You bet I was upset, and I let the store manager know it: the priceless reels of our old home movies, dating back more than fifty years, had been lost. Uncle Jack, Aunt Minna, Grandpa, and the cousins, gathered round the sizzling grille of my childhood summers — all lost. My wife and I had taken the film to a local pharmacy, which was supposed to have sent it to some photo lab for conversion to DVDs. Nobody could tell us where all that brittle celluloid had ended up.
We found out about the lost movies a day after Continental flight 3407 went down, just a few miles from the small town in western New York where I grew up. And as the magnitude of the disaster became clear—as the stories of so many bright lives snuffed out unfolded — I began to feel slightly ashamed and foolish. The people on that plane would never again have to worry about lost home movies, or paying taxes, or where their next meal would come from. They would never again have the opportunity to burn a piece of toast, wreck a relationship, or be on the receiving end of a pink slip. The passengers who lost their lives on flight 3407 would now have no problems at all — and would never have problems again. Having problems means you are alive. It is a great gift that we often mistake for an insufferable burden.
As a psychiatrist, I am usually focused on helping people overcome their emotional problems. So are most of my colleagues in the mental health profession, and that is as it should be. People come to us with various crises and in various states of suffering and incapacity. We do what we can to help them get back on their feet. But with the exception of some who practice an existential form of psychotherapy, we rarely teach our patients the spiritual value of having problems — which is to say, the value of the ineffably precious and fleeting gift of life.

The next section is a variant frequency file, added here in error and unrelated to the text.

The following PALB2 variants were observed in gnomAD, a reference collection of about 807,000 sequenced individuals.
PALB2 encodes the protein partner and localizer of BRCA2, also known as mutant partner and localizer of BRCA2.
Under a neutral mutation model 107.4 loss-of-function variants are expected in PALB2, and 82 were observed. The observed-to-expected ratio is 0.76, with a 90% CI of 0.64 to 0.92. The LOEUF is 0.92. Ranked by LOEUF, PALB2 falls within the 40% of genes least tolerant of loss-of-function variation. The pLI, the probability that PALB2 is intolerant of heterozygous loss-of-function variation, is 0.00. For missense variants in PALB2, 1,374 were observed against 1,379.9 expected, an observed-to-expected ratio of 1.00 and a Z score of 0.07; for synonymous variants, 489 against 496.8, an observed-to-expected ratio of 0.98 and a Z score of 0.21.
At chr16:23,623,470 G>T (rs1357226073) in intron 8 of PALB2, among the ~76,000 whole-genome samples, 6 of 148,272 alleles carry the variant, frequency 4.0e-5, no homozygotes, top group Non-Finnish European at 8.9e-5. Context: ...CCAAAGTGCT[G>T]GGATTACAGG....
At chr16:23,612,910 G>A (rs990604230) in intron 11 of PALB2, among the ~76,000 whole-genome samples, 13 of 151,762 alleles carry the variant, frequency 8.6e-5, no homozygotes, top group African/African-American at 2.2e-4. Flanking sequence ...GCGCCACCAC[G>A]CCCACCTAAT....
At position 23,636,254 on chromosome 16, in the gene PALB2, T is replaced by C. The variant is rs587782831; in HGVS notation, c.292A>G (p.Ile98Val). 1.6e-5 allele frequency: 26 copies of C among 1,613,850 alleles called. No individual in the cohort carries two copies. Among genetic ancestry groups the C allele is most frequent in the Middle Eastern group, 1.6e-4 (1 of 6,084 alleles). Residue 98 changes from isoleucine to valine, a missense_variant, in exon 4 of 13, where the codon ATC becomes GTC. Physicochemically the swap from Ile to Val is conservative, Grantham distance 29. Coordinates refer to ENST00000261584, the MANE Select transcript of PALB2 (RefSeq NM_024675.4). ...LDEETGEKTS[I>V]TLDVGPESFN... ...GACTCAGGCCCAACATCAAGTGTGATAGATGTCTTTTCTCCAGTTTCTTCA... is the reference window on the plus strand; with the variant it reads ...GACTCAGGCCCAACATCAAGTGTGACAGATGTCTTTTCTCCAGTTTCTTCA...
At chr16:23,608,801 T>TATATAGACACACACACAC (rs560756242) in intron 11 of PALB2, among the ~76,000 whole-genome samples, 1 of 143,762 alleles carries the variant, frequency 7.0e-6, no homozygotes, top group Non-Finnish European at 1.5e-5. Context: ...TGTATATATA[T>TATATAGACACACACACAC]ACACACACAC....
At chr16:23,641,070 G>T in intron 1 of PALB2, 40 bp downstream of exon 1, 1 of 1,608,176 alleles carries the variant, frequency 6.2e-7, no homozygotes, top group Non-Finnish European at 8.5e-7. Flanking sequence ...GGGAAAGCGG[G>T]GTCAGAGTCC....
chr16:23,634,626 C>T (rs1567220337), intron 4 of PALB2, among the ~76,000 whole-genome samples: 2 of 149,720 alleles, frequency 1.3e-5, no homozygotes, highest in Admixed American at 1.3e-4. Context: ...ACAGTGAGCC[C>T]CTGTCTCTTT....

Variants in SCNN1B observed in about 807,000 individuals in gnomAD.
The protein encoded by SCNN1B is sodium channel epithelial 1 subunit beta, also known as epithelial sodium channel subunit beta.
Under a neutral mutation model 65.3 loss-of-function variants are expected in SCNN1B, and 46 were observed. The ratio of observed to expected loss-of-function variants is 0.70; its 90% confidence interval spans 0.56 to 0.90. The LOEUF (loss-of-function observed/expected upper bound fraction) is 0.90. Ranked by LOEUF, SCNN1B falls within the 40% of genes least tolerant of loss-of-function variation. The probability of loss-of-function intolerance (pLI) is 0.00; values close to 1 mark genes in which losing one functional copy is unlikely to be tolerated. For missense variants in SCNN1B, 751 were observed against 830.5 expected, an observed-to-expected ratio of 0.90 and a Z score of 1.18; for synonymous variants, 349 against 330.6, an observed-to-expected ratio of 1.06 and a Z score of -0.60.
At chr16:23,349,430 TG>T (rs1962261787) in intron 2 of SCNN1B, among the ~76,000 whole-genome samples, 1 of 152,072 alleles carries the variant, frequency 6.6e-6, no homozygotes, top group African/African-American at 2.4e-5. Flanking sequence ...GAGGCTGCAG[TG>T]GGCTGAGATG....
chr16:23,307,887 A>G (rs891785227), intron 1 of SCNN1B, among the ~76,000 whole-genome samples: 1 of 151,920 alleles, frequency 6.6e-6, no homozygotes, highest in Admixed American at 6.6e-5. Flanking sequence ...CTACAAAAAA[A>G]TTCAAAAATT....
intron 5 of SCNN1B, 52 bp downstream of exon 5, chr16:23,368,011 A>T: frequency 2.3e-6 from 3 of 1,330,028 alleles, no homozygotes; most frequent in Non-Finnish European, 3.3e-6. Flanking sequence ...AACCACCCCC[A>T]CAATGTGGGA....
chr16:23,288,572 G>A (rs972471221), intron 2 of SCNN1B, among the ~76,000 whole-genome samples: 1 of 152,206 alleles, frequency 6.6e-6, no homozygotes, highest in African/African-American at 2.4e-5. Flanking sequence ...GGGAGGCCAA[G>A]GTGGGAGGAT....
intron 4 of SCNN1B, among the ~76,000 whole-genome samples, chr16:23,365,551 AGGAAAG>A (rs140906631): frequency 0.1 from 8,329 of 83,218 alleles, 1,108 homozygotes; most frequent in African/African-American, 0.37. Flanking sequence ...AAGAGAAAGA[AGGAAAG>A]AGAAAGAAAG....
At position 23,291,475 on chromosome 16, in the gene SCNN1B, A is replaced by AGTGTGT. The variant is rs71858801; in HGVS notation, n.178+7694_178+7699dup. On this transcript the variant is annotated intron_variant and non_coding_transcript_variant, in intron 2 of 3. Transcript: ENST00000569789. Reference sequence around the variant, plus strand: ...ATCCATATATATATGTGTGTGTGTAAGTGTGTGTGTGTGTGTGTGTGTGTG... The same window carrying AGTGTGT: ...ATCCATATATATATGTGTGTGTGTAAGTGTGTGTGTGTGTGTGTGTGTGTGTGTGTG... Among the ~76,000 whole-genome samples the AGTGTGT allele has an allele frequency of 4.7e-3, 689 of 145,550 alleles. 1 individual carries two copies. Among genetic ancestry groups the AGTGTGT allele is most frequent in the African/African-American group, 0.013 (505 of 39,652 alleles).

In the Jewish tradition, there is a folk saying: “When a Jew breaks his leg, he thanks God he did not break both legs. When he breaks both, he thanks God he did not break his neck.” This is not quite the same as being thankful for one’s problems, but it does acknowledge, with gratitude, that one’s problems could be much worse.
In Islam, the well-known declaration usually translated as, “God is great!” — the takbir — is spoken both at times of joy and on occasions of mourning. And the German Christian monk, Thomas a Kempis, taught that, “…it is good to encounter troubles and adversities, from time to time; for trouble often compels a man to search his own heart.”
Let me be clear: I am in no way endorsing the misguided notion that clinical depression is somehow “good for the soul”, or that it is represents a state of heightened spiritual or artistic awareness. This myth has been thoroughly debunked by my colleague, Dr. Peter Kramer, in his book Against Depression. But I am saying that when we find ourselves dealing with everyday problems, we can find a measure of consolation in the fact that we are troubled only because we are alive — and life is something we must never take for granted. Just as the philosopher Martin Heidegger argued that the awareness of death allows us to live a more intense and “authentic” life, I believe that the embrace of our problems leads us to a deeper appreciation of our pleasures.
The medieval philosopher Boethius observed that, “Good fortune deceives; adverse fortune teaches.” I believe he meant something like this. We are often lulled into a false sense of complacency by the good things that happen to us. We win the lottery or make a killing in the stock market, and we imagine that good fortune will always be ours. The present financial crisis befalling the nation has shown us the emptiness of such ersatz optimism. On the other hand, adversity points us toward a hard truth: we are all just flesh and blood; we are all mortal. It is silly to fuss and fume over a few lost reels of film. The tragic end of flight 3407 has deprived fifty of our fellow human beings the rich pleasure of having problems. We can honor their memory by living our lives more authentically, and rejoicing in the sweetness of our adversities.